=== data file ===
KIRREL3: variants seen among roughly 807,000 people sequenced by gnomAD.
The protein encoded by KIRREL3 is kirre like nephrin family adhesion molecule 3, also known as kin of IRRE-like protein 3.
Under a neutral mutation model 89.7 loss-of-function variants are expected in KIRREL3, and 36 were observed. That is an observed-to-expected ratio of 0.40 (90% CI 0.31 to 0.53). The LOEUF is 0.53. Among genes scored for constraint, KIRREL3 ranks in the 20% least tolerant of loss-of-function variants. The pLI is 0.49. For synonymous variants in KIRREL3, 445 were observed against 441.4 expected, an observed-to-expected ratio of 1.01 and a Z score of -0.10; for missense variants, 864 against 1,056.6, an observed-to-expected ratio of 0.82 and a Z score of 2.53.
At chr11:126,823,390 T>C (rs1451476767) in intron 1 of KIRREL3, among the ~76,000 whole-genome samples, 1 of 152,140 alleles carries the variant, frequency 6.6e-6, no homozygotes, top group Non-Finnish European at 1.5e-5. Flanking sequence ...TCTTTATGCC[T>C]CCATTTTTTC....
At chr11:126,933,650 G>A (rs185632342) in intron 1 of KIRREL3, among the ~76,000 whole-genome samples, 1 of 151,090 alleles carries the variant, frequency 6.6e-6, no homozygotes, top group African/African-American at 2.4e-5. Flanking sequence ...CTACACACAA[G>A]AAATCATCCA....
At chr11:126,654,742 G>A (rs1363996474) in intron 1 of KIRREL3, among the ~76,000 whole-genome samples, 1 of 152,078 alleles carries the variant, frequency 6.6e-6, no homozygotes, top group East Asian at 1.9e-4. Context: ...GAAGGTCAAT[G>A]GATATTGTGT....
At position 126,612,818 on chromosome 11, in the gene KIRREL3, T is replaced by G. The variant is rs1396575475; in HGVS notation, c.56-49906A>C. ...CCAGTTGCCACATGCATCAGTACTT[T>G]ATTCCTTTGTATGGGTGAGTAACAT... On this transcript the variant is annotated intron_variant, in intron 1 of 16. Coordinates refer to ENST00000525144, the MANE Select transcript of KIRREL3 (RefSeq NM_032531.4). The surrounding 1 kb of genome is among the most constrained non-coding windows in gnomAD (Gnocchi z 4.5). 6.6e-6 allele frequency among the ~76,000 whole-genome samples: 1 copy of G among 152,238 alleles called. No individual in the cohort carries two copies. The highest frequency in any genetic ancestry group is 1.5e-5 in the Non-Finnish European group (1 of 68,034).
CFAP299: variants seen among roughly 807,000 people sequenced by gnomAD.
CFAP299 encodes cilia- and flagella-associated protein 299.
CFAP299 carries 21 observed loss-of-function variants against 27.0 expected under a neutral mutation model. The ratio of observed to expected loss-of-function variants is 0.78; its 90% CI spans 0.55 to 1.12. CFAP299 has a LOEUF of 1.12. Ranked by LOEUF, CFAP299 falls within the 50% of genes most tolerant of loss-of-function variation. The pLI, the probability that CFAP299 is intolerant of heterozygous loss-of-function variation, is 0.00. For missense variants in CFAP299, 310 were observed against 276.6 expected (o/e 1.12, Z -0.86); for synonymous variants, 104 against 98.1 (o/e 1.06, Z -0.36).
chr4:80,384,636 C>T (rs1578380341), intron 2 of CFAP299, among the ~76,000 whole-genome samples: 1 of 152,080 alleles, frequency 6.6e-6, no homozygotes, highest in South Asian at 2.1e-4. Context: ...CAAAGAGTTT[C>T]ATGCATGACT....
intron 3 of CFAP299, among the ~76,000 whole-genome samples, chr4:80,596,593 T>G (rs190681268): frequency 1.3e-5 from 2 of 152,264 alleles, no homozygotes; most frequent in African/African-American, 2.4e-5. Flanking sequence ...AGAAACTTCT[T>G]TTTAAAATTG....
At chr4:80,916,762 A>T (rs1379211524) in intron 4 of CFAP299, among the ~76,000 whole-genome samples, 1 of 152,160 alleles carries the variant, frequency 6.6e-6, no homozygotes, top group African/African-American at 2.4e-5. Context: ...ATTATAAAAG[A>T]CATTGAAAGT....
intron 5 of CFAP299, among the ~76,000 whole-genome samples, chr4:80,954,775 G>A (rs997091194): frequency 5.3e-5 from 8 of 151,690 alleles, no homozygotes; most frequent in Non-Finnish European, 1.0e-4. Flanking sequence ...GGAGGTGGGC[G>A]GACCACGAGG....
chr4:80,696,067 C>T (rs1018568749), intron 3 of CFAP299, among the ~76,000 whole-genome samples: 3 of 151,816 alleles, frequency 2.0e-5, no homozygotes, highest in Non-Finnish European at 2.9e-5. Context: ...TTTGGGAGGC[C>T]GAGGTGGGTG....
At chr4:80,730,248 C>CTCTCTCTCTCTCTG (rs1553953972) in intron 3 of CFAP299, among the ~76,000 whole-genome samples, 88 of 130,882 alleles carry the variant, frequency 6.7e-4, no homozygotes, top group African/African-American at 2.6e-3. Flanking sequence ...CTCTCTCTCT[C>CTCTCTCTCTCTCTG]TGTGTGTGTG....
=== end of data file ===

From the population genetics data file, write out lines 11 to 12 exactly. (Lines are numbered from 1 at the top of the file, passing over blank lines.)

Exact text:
chr4:80,384,636 C>T (rs1578380341), intron 2 of CFAP299, among the ~76,000 whole-genome samples: 1 of 152,080 alleles, frequency 6.6e-6, no homozygotes, highest in South Asian at 2.1e-4. Context: ...CAAAGAGTTT[C>T]ATGCATGACT....
intron 3 of CFAP299, among the ~76,000 whole-genome samples, chr4:80,596,593 T>G (rs190681268): frequency 1.3e-5 from 2 of 152,264 alleles, no homozygotes; most frequent in African/African-American, 2.4e-5. Flanking sequence ...AGAAACTTCT[T>G]TTTAAAATTG....